The Collected Works of Author and Blogger Larry Roberts

Archive for 2013

During the 00's many countries inflated massive housing bubbles. The readers of this blog are well acquainted with the issues surrounding the US housing bubble, but Spain, Great Britain, and Ireland, among others also inflated painfully deflating housing bubbles. Norway inflated a housing bubble during this period, but after a brief pullback, they went on to inflate an even larger and more potentially damaging one. As strange as this may sound, I believe the root cause of this enormous problem is good governance and sound fiscal management. Unlike nearly every other government, Norway has managed its budget and resources well. Norway has massive oil reserves in the North Sea, and they have been carefully saving and investing the taxes they…[READ MORE]

The typical sources of housing demand are largely absent. In particular, first-time homebuyer participation is at near-record low levels. First-time bomebuyers only make up 29% of the market today, compared to 40% in normal times. Without first-time homebuyers, long-term homeowners are unable to execute move-up trades. This causes sales volumes to flag across all market segments. Some point to the lack of first-time homebuyers as a significant source of pent-up demand. For example, more Millennials are living at home than any generation in recent history. Perhaps that generation will step forward and begin buying houses, but they face some significant headwinds which may keep them out of the market for many years. Young homeowners sidelined by employment woes Unemployment up…[READ MORE]

The housing rally of 2013 is over. We are past the peak selling season, and although the year-over-year numbers will still show gains, we are entering the time of the year when seasonal factors drag prices and sales volumes down. If we were in a normal market, we would see price declines over the next 4 to 6 months. However, these are not ordinary times. The big question right now is whether or not the combination of higher interest rates and seasonal factors will cause a brief pullback in the housing rally, or if we just witnessed the peak of another housing bubble. Mark Hanson among others makes a strong case that we just witnessed the end of the rally…[READ MORE]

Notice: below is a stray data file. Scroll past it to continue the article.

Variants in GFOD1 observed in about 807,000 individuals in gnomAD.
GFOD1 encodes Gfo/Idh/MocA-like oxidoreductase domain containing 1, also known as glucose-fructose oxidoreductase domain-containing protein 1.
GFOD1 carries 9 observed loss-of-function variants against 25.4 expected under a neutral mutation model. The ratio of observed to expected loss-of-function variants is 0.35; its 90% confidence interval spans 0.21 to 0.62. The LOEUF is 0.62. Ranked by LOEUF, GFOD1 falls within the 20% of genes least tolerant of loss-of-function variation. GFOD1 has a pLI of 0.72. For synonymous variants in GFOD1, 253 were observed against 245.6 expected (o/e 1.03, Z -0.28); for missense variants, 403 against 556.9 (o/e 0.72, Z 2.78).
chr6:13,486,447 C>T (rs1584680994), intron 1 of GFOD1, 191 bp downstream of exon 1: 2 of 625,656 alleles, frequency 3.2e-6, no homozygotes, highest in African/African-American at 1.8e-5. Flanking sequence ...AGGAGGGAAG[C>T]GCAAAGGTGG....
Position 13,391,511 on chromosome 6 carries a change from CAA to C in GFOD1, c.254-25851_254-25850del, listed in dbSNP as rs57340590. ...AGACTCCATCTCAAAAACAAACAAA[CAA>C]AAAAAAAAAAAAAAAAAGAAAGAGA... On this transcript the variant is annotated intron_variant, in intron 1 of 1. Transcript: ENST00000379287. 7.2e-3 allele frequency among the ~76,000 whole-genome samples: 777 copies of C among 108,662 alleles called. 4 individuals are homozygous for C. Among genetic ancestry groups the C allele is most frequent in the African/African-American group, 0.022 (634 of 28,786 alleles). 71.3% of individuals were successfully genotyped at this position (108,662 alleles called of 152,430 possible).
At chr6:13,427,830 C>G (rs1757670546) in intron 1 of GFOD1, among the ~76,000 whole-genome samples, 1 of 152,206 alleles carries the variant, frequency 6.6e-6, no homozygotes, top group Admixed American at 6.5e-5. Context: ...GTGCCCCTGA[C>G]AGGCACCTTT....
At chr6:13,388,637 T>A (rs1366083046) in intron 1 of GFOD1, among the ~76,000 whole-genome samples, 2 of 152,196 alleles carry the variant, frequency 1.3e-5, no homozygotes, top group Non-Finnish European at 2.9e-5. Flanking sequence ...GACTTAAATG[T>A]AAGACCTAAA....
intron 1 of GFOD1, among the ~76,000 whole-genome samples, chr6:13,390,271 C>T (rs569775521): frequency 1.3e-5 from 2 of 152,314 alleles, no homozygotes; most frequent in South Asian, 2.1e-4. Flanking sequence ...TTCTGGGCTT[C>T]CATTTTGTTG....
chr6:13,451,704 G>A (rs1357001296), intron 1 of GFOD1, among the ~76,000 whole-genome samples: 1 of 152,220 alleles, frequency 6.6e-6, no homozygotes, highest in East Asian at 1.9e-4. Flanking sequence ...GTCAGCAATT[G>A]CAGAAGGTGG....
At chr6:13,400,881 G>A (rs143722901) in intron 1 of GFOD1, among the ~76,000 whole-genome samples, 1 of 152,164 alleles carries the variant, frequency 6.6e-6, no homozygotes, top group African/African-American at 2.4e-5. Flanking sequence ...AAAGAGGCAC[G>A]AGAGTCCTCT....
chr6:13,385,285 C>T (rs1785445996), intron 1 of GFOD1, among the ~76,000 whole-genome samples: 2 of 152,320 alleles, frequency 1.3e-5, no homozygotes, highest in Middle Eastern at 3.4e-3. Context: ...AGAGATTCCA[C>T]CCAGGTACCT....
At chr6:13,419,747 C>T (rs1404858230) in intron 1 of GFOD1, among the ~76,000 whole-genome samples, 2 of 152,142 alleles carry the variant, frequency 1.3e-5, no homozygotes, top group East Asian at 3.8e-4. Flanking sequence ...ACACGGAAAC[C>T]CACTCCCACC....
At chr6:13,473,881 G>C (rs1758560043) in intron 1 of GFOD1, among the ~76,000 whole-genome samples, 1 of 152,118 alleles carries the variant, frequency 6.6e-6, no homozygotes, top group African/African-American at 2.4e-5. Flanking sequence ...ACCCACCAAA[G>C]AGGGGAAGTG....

When policymakers are considering a change, they like to float trial balloons in the mainstream media to gauge the reaction. Recently, the FHFA proposed lowering the conforming limit on GSE loans. As you might expect, the industry insiders dependent upon real estate transactions are not excited by the idea. Today, I want to take an objective look at the impact of lowering the conforming limit nationally, and its specific impact on Coastal California real estate. The conforming loan limit is designed to provide government-subsidized loans only to lower and middle income Americans. Loans above the conforming limit are provided by private lenders in what's known as the jumbo market. During the housing bubble, the conforming limit rose as high as…[READ MORE]

In 2011 the market was extremely favorable to buyers. There was plenty of inventory, and the sellers were motivated to sell at whatever the market would bear. Banks were liquidating their own portfolios of REOs, and short sellers were allowed to complete their transactions without the banks asking for repayment of the shortfall. Plus, prices were falling and buyers were rare. As a buyer in those conditions, you could buy what you wanted without competition and get a good deal too. Then 2012 rolled around, and lenders made a number of policy changes which caused the market to abruptly shift from an extreme buyer's market to an extreme seller's market, almost overnight. Lenders stopped foreclosing on delinquent mortgage squatters, and…[READ MORE]

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